From the best of both worlds: When Traditional Hungarian Cuisine merges with Multicultural Canadian Home Cooking. Recipes from the best of Hungarian and Canadian home cooking adapted to North American food sources - we have gone metric in Canada, but we won’t let go of our measuring cup
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HUNGARIAN RATATOUILLE - LECSÓ
This one turned out to be almost as good as Nagymama’s.
You need medium sized sweet yellow Hungarian wax peppers and fully ripe, sweet tomatoes to make authentic Hungarian lecsó. The Jim grows these with varied success, giving me a few weeks of lecsó making opportunity. Keep in mind that no Hungarian pepper grown in our Kamloops garden can come close to the peppers grown on Hungarian soil. Of course most North Americans don’t even know what Hungarian peppers look like, except for the tiny hot things they sell in the supermarket. But those aren’t Hungarian peppers. Moving onto the tomatoes, the sweetest of tomatoes, are the round vine ripened varieties. They cost a bit more, but their flavour is superior even when the rest of the tomatoes are in season. I have been trying to break through the availability barrier and to come up with a year around version of Hungarian lecsó, but that will be a different topic.
In terms of volume I tended to use 1/4 tomato to 3/4 pepper to balance out the acidity and to reduce the liquid in my lecsó. Onions give body to stews, so I thought I would increase the onions, because lecsó should not have soup like consistency. The recipe I used over the years called for half an onion. But since the onion is the one that binds the peppers and tomatoes together, I figured there should be more of it. An additional benefit is that onions bring natural sweetness to lecsó. So gradually I increased the onions I used. Now for every 6 medium Hungarian wax peppers and 6 medium tomatoes I use 2 fairly large onions. That's a lot of onions, but you need it. I also add Hungarian paprika to my lecsó, but only a couple of teaspoons. Lecsó is not about the paprika.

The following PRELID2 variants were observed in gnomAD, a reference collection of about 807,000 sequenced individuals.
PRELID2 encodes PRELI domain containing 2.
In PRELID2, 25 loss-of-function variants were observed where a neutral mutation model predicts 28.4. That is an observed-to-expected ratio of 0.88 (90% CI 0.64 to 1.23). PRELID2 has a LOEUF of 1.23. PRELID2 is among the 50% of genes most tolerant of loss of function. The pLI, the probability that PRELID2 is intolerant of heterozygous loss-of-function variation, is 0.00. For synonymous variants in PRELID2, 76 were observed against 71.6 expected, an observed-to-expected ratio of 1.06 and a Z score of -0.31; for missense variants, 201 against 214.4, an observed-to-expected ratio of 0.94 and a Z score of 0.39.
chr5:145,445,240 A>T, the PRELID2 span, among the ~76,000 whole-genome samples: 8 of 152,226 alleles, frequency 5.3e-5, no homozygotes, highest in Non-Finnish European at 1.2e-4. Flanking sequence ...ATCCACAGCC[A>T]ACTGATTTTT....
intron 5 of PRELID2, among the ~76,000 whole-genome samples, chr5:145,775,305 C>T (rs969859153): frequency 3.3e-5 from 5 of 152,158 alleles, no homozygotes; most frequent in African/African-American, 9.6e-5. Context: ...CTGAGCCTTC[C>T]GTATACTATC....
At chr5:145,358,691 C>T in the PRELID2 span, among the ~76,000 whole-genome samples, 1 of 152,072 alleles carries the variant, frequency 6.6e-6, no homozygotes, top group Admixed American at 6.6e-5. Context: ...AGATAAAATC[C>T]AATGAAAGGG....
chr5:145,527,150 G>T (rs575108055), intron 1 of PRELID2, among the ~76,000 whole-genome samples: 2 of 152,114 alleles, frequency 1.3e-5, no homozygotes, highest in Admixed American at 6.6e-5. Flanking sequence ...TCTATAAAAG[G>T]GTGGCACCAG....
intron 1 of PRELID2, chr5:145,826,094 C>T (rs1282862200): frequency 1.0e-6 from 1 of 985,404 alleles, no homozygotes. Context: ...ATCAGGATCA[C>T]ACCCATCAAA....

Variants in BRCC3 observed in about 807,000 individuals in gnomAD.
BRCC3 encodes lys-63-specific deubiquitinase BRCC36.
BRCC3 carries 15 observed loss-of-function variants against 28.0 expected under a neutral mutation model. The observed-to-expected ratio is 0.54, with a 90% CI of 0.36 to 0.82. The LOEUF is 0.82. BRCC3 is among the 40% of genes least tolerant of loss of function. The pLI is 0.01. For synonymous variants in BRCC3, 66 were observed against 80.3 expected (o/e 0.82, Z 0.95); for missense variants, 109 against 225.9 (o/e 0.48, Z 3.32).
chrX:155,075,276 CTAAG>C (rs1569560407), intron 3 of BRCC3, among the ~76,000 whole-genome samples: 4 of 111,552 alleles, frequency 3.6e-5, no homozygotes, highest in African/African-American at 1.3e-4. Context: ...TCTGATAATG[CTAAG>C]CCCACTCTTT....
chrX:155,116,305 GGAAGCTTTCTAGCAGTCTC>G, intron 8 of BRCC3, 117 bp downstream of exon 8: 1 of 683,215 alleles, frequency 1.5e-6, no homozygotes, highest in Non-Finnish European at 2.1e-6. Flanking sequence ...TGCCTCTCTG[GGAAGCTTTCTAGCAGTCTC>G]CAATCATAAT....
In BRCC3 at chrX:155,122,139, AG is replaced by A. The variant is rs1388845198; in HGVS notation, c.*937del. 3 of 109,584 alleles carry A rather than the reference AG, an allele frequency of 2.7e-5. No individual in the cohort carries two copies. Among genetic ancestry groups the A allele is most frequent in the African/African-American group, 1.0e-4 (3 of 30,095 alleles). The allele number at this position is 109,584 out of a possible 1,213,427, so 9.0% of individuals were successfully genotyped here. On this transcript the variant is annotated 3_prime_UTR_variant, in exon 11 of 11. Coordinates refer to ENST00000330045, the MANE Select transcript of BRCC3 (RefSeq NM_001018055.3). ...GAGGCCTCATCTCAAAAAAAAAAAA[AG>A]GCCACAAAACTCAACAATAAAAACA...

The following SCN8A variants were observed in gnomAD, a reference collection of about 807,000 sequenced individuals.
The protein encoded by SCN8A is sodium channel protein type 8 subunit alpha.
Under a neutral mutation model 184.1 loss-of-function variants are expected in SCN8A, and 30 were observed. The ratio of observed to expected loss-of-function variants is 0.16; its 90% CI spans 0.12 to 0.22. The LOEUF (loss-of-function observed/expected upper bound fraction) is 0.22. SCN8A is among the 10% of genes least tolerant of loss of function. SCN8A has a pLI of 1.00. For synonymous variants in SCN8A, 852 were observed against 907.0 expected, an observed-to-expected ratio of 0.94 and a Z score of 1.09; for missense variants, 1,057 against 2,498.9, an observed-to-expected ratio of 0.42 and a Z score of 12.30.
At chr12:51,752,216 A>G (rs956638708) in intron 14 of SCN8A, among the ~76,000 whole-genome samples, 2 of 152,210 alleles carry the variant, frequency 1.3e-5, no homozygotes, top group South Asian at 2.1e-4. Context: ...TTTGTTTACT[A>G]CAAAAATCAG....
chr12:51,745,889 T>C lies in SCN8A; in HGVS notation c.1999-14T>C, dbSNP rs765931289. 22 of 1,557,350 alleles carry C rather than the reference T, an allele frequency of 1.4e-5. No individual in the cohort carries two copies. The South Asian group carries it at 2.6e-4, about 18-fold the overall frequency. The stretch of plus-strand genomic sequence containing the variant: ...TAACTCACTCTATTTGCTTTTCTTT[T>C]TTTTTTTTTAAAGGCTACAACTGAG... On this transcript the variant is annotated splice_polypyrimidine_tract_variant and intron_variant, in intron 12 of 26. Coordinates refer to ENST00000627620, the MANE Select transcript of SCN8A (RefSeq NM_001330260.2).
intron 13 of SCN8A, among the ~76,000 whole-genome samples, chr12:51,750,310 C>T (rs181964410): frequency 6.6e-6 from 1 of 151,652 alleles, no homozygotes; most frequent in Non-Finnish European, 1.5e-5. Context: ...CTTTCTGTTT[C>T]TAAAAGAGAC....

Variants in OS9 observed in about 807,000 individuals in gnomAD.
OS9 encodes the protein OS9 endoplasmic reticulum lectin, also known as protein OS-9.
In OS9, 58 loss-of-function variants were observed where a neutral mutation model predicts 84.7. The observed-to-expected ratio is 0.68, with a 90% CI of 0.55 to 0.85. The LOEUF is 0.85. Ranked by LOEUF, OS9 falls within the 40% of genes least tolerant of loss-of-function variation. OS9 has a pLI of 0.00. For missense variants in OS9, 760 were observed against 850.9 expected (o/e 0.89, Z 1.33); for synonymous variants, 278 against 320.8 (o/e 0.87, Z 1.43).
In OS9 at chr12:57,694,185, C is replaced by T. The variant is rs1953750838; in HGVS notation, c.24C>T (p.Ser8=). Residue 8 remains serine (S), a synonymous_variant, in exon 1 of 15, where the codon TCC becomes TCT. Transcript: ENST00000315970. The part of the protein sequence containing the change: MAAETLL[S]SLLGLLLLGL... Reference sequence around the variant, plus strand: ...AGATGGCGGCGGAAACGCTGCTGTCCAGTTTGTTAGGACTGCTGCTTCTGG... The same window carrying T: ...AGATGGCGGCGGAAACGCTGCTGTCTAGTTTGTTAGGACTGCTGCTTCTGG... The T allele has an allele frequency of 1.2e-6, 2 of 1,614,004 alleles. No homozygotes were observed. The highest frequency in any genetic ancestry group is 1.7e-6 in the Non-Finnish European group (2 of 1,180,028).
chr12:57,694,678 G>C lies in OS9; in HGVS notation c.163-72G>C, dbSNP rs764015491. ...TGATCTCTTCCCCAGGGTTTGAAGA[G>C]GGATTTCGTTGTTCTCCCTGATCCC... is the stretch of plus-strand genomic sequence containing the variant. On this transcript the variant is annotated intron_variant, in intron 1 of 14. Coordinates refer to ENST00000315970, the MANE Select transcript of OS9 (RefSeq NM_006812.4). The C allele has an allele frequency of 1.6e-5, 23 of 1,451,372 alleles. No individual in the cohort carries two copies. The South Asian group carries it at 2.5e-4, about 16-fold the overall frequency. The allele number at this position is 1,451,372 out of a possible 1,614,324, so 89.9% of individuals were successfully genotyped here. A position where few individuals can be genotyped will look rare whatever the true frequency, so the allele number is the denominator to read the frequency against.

6 Hungarian wax peppers*
2 large onions,
2 cloves of garlic
3 Tbsp olive oil
salt and pepper to taste
5 medium ripe tomatoes sliced
2 tsp Hungarian paprika
• Chop the peppers into strips.
• Chop the tomatoes, removing the green centers.
• Dice the onions into large bits, but don’t cut them too fine.
• Place 3 Tbsp olive oil in the pot on medium heat.
• Add the onions and garlic and sauté until onions are soft, but not brown.
• Reduce the heat and add the peppers.
• Add the salt and the pepper now.
• Cover and simmer, stirring occasionally for a 3-5 minutes.
• Add the tomato and the Hungarian paprika.
• Simmer uncovered for 1-2 minutes.
• Serve with rustic white bread.
Yields: 2 servings
*In terms of flavour, the yellow bells are the closest to the Hungarian wax. The smallest they are the better, the big ones release too much liquid and they tend to finish up soggy.
It began with posting a few recipes on line for my family. "zsuzsa is in the kitchen" has more than 1000 Hungarian and International recipes. What started out as a private project turned into a well visited blog. The number of visitors long passed the two million mark. I organized my recipes into an on-line cookbook. On top of the page click on the cookbook to access the recipes. I am not profiting from my blog, so my visitors will not be harassed with advertising or flashy gadgets. Feel free to cut and paste my recipes for your own use. Publication is permitted as long as it is in your own words and with your own photographs. However, I would ask you for an acknowledgement and link-back to my blog. This is to my old on-line friends and visitors: policing the comment section for spam and answering questions has become a chore. Good wishes to you all, happy cooking and keep on feeding your people with good food.